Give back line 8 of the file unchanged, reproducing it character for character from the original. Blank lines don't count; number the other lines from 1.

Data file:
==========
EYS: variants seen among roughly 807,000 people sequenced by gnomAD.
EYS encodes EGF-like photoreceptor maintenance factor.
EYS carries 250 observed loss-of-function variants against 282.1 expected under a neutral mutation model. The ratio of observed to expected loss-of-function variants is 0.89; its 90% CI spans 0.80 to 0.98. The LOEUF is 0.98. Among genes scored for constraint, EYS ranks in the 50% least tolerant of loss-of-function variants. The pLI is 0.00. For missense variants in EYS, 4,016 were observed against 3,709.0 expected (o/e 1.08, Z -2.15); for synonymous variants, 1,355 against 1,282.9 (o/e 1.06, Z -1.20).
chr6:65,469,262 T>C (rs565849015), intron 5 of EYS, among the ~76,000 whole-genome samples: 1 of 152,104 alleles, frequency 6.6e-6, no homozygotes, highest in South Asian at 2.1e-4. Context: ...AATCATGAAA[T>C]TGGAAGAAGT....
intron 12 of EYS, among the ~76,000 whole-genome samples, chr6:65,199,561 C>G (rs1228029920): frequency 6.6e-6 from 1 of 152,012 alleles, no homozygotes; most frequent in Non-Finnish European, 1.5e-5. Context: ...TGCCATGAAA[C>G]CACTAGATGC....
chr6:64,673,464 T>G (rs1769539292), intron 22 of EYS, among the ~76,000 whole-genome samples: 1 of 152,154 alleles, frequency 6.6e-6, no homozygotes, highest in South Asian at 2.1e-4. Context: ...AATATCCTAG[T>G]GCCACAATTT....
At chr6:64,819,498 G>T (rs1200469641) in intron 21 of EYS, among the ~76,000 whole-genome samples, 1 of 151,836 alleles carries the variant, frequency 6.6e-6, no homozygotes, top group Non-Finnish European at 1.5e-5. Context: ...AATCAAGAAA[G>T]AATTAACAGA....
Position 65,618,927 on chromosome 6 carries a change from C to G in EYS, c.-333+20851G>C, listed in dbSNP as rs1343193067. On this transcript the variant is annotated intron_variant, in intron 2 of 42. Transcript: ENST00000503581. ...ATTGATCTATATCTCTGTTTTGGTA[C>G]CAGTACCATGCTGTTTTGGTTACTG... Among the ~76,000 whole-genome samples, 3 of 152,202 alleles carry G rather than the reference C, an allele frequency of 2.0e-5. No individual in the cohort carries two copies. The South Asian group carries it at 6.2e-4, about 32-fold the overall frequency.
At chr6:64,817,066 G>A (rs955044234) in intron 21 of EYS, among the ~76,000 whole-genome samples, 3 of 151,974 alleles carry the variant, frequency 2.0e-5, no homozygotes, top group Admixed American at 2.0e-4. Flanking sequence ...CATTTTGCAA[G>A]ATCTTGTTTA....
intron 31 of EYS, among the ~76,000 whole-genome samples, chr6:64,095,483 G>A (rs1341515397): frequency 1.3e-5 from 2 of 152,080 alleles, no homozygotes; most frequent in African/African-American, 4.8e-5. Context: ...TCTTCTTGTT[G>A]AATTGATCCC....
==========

Position 65,618,927 on chromosome 6 carries a change from C to G in EYS, c.-333+20851G>C, listed in dbSNP as rs1343193067. On this transcript the variant is annotated intron_variant, in intron 2 of 42. Transcript: ENST00000503581. ...ATTGATCTATATCTCTGTTTTGGTA[C>G]CAGTACCATGCTGTTTTGGTTACTG... Among the ~76,000 whole-genome samples, 3 of 152,202 alleles carry G rather than the reference C, an allele frequency of 2.0e-5. No individual in the cohort carries two copies. The South Asian group carries it at 6.2e-4, about 32-fold the overall frequency.